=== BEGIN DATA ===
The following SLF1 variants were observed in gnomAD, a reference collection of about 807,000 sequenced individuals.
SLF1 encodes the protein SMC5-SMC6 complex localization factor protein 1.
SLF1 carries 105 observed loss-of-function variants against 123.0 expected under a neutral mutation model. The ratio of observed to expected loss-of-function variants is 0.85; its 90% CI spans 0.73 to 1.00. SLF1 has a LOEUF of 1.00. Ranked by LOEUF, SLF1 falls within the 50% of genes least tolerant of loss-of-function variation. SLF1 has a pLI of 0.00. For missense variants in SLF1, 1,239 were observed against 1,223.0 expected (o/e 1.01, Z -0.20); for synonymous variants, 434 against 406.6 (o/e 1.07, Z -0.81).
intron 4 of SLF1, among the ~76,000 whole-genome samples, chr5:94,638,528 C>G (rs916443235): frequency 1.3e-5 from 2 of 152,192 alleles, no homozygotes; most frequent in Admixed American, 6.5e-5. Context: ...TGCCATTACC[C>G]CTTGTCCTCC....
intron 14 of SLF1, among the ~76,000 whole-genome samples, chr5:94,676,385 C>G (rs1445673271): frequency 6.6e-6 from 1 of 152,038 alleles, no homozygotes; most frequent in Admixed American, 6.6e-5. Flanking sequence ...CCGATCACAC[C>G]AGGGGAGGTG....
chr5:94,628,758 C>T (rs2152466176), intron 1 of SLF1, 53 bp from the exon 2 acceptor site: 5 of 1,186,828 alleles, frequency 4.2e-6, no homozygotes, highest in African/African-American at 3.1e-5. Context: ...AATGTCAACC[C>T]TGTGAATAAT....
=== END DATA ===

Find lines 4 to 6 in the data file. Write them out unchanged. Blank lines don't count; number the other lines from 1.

intron 4 of SLF1, among the ~76,000 whole-genome samples, chr5:94,638,528 C>G (rs916443235): frequency 1.3e-5 from 2 of 152,192 alleles, no homozygotes; most frequent in Admixed American, 6.5e-5. Context: ...TGCCATTACC[C>G]CTTGTCCTCC....
intron 14 of SLF1, among the ~76,000 whole-genome samples, chr5:94,676,385 C>G (rs1445673271): frequency 6.6e-6 from 1 of 152,038 alleles, no homozygotes; most frequent in Admixed American, 6.6e-5. Flanking sequence ...CCGATCACAC[C>G]AGGGGAGGTG....
chr5:94,628,758 C>T (rs2152466176), intron 1 of SLF1, 53 bp from the exon 2 acceptor site: 5 of 1,186,828 alleles, frequency 4.2e-6, no homozygotes, highest in African/African-American at 3.1e-5. Context: ...AATGTCAACC[C>T]TGTGAATAAT....